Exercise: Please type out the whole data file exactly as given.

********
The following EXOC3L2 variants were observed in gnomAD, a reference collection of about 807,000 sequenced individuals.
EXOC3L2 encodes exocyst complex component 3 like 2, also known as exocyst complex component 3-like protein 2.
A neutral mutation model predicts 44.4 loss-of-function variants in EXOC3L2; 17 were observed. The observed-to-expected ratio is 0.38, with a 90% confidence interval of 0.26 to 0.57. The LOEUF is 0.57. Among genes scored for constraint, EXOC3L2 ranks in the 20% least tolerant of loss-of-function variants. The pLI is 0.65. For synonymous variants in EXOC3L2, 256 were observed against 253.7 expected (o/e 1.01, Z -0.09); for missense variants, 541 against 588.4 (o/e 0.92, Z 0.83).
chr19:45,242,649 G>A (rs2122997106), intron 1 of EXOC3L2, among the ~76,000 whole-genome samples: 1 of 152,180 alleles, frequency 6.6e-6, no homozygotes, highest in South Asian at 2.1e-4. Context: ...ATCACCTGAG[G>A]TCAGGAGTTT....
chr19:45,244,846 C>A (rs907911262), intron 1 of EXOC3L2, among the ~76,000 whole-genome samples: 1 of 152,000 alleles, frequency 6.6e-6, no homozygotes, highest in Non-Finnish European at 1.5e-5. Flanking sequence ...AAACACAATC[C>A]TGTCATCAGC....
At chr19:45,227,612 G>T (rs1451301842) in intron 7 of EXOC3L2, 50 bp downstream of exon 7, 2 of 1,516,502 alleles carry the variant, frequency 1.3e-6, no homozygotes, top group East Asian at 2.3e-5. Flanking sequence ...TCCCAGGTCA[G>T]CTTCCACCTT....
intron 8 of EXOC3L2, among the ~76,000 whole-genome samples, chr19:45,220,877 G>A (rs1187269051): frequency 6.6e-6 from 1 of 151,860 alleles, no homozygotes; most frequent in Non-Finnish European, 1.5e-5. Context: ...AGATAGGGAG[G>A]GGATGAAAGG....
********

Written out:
The following EXOC3L2 variants were observed in gnomAD, a reference collection of about 807,000 sequenced individuals.
EXOC3L2 encodes exocyst complex component 3 like 2, also known as exocyst complex component 3-like protein 2.
A neutral mutation model predicts 44.4 loss-of-function variants in EXOC3L2; 17 were observed. The observed-to-expected ratio is 0.38, with a 90% confidence interval of 0.26 to 0.57. The LOEUF is 0.57. Among genes scored for constraint, EXOC3L2 ranks in the 20% least tolerant of loss-of-function variants. The pLI is 0.65. For synonymous variants in EXOC3L2, 256 were observed against 253.7 expected (o/e 1.01, Z -0.09); for missense variants, 541 against 588.4 (o/e 0.92, Z 0.83).
chr19:45,242,649 G>A (rs2122997106), intron 1 of EXOC3L2, among the ~76,000 whole-genome samples: 1 of 152,180 alleles, frequency 6.6e-6, no homozygotes, highest in South Asian at 2.1e-4. Context: ...ATCACCTGAG[G>A]TCAGGAGTTT....
chr19:45,244,846 C>A (rs907911262), intron 1 of EXOC3L2, among the ~76,000 whole-genome samples: 1 of 152,000 alleles, frequency 6.6e-6, no homozygotes, highest in Non-Finnish European at 1.5e-5. Flanking sequence ...AAACACAATC[C>A]TGTCATCAGC....
At chr19:45,227,612 G>T (rs1451301842) in intron 7 of EXOC3L2, 50 bp downstream of exon 7, 2 of 1,516,502 alleles carry the variant, frequency 1.3e-6, no homozygotes, top group East Asian at 2.3e-5. Flanking sequence ...TCCCAGGTCA[G>T]CTTCCACCTT....
intron 8 of EXOC3L2, among the ~76,000 whole-genome samples, chr19:45,220,877 G>A (rs1187269051): frequency 6.6e-6 from 1 of 151,860 alleles, no homozygotes; most frequent in Non-Finnish European, 1.5e-5. Context: ...AGATAGGGAG[G>A]GGATGAAAGG....